“Every night for more than a week, we have witnessed the anguish and anger of demonstrators, their cries punctured by politicians urging them to vote their power. Both are right. Protest to demand attention to the wrenching pain of systemic injustice. Vote because we deserve leaders who see us, who hear us and who are willing to act on our demands.
“Voting will not save us from harm, but silence will surely damn us all.” —Stacey Abrams
What a weird time to be celebrating Global Running Day. Or is it? Running has brought me this platform, and the ability to to live my [running] life out loud, in my big black female body. I celebrate the opportunity to leave a mark, a legacy, or even to make a small ripple—but of what? Of acknowledgment, acceptance, of how when you extend yourself to others, you create that space in them to do the same, of how when you make the effort to set aside any preconceived notions about a person’s identity, and make no mistake, I’m talking about race, you might learn a bit more about yourself, them, and well, the world around you. So happy Global Running Day to you! I hope that you see the running community as yet another way to extend yourself, to be loved on and to give love back.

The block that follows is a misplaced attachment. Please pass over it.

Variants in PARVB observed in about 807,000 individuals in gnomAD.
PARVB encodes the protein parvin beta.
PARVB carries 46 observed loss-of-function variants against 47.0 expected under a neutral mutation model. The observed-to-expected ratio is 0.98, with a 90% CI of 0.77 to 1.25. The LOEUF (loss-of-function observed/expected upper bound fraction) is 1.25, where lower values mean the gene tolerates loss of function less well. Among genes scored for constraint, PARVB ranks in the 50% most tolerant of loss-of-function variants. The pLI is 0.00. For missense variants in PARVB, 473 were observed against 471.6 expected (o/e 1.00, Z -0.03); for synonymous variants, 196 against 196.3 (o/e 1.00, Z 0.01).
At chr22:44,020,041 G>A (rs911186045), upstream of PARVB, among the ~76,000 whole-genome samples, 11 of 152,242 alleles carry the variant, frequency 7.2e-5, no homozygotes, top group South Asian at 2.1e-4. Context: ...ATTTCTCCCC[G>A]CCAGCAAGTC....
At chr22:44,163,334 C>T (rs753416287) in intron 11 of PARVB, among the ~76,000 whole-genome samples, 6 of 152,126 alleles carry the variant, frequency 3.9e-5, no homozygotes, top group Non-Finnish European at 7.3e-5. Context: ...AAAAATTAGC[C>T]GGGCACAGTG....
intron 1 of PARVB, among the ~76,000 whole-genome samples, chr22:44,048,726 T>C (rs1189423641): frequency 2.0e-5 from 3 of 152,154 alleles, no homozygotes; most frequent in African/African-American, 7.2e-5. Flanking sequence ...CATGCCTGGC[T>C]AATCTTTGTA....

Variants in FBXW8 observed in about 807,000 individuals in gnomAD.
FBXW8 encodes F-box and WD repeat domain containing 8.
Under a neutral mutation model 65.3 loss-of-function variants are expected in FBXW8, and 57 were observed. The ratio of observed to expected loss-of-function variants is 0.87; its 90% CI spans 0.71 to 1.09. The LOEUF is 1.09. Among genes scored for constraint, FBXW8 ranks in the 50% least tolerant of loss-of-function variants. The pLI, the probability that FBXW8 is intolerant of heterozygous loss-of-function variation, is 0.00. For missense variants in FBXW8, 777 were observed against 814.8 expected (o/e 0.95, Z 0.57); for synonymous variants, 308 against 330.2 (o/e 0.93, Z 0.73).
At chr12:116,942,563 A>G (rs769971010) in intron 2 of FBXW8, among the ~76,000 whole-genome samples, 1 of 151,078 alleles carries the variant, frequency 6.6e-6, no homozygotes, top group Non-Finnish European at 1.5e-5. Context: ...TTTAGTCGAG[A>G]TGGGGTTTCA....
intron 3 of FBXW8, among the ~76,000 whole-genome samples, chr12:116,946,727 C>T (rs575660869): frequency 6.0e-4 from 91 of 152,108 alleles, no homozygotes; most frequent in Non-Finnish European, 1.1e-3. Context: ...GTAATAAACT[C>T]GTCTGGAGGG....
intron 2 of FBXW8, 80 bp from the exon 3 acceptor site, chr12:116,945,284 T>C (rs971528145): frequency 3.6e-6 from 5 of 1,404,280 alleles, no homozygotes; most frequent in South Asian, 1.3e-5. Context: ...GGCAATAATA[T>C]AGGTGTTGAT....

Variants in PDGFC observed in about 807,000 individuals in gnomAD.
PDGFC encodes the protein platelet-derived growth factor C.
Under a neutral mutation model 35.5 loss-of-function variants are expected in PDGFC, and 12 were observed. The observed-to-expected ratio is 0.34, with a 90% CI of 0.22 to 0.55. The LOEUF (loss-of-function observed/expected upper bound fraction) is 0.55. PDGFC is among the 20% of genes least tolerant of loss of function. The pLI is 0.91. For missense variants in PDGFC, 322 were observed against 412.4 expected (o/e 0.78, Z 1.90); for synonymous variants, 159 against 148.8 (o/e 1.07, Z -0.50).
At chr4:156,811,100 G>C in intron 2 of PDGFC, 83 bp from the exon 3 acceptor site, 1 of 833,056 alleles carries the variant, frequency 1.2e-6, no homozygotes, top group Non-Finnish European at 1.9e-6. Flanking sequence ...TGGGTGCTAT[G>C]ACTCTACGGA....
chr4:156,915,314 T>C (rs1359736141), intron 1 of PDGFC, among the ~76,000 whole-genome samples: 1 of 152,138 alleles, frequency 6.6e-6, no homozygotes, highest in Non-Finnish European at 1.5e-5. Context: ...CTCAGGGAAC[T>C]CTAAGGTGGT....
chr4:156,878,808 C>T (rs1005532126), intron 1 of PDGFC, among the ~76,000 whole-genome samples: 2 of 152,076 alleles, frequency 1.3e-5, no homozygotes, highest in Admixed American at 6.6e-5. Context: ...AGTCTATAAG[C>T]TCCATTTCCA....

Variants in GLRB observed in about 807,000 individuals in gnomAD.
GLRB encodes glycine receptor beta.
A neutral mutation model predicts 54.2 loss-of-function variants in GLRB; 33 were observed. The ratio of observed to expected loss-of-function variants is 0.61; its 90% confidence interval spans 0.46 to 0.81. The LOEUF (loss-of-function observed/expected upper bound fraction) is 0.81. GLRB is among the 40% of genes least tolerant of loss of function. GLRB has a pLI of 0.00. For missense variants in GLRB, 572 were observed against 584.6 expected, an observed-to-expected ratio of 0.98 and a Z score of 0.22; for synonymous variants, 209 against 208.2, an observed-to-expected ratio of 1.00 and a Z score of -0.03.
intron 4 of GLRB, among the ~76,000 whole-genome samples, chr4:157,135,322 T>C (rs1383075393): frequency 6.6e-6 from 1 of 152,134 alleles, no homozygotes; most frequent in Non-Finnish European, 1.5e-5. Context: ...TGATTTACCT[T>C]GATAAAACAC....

(A note about this picture: This is day three @transrockiesrun_official
asked me to get up MAD EARLY and lead an early start for those runners who needed it so they would be able to finish the long and grueling 23 miles of this stage within the cutoff. I had pulled out of Stage 1 because of bum achilles and severe fatigue, and so I got to volunteer, do some of the course, and help my fellow TRR family to their own personal finishes in a small way. Begs the question, what small action can you take to make the world a little bit more equitable? #transrockiesrun #trailrunning #globalrunningday #running #blacklivesmatter #runnersofinstagram